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Postprandial Hemodynamics

This study has been completed.
Sponsor:
ClinicalTrials.gov Identifier:
NCT01027507
First Posted: December 8, 2009
Last Update Posted: December 8, 2009
The safety and scientific validity of this study is the responsibility of the study sponsor and investigators. Listing a study does not mean it has been evaluated by the U.S. Federal Government. Read our disclaimer for details.
Information provided by:
Skane University Hospital
December 7, 2009
December 8, 2009
December 8, 2009
January 2009
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No Changes Posted
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Postprandial Hemodynamics
Relationship Between Postprandial Alterations in Hemodynamics, Blood Pressure, Blood Glucose, Insulin Concentrations, Gastric Emptying, and Satiety
To study the postprandial alterations in hemodynamics and blood pressure in relation to gastric emptying rate, postprandial blood glucose, plasma concentrations of insulin, satiety in healthy subjects.
Ingestion of a meal increase blood flow to the gastrointestinal organs and affects the heart rate, blood pressure, and cardiac output. It is not known through wich mechanisms the heart function changes affects after a meal.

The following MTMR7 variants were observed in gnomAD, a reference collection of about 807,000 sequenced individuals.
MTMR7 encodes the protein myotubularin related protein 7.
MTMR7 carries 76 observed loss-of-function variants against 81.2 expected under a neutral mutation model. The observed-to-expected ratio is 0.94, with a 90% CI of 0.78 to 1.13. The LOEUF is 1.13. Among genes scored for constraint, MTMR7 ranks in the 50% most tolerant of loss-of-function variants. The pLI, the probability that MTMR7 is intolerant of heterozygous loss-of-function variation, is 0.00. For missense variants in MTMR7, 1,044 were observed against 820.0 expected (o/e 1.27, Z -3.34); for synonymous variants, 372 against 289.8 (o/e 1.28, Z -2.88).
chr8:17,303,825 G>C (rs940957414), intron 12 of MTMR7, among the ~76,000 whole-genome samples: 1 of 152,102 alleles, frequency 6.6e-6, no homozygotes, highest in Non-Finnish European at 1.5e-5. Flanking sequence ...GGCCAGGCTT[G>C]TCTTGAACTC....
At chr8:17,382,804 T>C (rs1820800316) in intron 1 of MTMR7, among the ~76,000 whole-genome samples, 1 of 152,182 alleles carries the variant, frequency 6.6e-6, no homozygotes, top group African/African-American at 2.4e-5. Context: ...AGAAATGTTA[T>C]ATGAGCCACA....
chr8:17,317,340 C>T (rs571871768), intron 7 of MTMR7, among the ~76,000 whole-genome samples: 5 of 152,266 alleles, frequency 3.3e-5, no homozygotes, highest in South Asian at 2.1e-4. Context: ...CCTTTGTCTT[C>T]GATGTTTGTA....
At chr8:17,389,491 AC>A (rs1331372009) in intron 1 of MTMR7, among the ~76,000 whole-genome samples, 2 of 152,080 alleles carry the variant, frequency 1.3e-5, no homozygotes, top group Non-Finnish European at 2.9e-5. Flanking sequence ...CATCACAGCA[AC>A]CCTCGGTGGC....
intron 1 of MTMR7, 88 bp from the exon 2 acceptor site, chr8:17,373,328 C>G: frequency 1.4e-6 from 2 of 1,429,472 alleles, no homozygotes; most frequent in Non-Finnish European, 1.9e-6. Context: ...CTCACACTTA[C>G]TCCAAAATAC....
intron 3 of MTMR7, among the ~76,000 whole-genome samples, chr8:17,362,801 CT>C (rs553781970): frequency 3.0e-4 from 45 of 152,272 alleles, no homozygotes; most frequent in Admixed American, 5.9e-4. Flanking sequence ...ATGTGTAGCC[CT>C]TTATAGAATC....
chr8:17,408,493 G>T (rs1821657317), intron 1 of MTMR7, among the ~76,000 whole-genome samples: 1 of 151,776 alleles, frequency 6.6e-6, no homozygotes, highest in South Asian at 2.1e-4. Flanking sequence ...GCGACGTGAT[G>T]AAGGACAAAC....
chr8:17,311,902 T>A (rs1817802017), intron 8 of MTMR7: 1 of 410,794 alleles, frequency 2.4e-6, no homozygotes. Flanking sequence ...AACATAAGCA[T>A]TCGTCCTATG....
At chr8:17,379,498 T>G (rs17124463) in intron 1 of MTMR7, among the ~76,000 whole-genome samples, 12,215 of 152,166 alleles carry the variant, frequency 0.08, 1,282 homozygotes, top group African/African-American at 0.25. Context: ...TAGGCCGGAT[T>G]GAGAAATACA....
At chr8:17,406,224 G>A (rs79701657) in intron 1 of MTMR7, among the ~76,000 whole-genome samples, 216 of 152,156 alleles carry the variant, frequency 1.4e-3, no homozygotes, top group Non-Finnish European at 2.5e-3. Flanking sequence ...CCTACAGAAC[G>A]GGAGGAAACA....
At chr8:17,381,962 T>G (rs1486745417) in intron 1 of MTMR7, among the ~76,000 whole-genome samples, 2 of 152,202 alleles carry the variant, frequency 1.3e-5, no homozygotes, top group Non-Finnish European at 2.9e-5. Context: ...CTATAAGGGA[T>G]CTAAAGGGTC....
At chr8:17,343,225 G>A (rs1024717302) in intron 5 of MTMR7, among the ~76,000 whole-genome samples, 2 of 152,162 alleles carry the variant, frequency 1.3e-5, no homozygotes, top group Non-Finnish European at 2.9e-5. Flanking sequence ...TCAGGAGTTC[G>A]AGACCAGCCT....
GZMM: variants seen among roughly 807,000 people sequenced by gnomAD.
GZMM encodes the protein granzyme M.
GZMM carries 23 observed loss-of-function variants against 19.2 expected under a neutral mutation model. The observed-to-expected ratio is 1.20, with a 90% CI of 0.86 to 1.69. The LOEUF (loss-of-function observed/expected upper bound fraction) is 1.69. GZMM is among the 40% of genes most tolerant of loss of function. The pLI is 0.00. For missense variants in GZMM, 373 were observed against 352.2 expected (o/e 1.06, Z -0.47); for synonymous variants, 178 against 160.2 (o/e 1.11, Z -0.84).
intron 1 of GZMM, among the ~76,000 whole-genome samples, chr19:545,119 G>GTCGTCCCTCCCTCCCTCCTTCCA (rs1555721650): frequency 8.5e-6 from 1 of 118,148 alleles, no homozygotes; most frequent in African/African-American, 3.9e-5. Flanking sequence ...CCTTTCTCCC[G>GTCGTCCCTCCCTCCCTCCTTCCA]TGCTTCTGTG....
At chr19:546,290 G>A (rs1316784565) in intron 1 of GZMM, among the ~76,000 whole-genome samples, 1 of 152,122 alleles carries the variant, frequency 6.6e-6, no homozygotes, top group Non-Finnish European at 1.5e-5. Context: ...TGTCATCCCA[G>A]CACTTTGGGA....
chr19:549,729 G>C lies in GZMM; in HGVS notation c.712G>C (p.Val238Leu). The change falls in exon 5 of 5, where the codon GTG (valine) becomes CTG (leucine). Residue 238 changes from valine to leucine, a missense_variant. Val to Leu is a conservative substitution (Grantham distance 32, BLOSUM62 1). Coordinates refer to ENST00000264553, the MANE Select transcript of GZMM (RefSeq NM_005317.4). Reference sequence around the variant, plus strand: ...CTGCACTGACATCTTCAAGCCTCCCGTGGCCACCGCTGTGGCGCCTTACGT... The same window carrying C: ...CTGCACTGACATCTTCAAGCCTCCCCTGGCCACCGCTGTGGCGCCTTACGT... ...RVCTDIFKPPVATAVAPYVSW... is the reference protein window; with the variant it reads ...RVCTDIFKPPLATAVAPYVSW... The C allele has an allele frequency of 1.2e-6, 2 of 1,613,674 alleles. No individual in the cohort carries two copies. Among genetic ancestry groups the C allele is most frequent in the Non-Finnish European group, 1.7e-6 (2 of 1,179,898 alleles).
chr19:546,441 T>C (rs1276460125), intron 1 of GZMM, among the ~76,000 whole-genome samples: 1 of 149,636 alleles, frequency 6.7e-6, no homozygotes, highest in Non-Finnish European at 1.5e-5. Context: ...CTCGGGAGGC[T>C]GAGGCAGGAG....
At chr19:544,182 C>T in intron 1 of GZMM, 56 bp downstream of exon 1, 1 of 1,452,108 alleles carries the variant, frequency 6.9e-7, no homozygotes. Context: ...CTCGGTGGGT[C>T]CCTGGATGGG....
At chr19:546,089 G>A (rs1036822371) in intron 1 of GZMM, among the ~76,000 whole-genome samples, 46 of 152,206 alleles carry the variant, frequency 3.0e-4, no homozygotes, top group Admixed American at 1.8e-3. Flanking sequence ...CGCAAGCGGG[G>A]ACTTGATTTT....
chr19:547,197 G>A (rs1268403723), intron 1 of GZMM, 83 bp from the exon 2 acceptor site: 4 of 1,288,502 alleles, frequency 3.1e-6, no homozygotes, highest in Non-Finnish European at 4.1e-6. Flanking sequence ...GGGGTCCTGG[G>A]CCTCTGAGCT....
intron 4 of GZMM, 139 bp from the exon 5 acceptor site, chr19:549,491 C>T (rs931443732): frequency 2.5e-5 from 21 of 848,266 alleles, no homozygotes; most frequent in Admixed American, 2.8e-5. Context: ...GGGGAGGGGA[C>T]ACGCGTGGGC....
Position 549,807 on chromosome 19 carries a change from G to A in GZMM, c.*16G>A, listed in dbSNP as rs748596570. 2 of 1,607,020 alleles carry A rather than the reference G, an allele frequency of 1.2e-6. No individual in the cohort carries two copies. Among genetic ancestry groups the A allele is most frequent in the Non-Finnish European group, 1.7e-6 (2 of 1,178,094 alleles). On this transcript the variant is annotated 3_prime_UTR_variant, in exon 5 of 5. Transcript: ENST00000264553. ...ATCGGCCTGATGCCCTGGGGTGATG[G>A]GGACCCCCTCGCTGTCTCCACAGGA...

Observational
Observational Model: Case-Only
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Non-Probability Sample
Healthy subjects without symptoms or a history of gastrointestinal disease, abdominal surgery or diabetes mellitus, were included in this crossover study.
Heart Disease
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*   Includes publications given by the data provider as well as publications identified by ClinicalTrials.gov Identifier (NCT Number) in Medline.
 
Completed
23
November 2009
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Inclusion Criteria:

  • Healthy subjects

Exclusion Criteria:

  • history of gastrointestinal disease, abdominal surgery or diabetes mellitus
Sexes Eligible for Study: All
18 Years and older   (Adult, Senior)
Yes
Contact information is only displayed when the study is recruiting subjects
Sweden
 
 
NCT01027507
353/2008b
Yes
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Lars Stavenow, Departments of Medicine, Malmö University Hospital
Skane University Hospital
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Principal Investigator: Joanna Hlebowicz, MD, PhD Skane University Hospital
Skane University Hospital
December 2009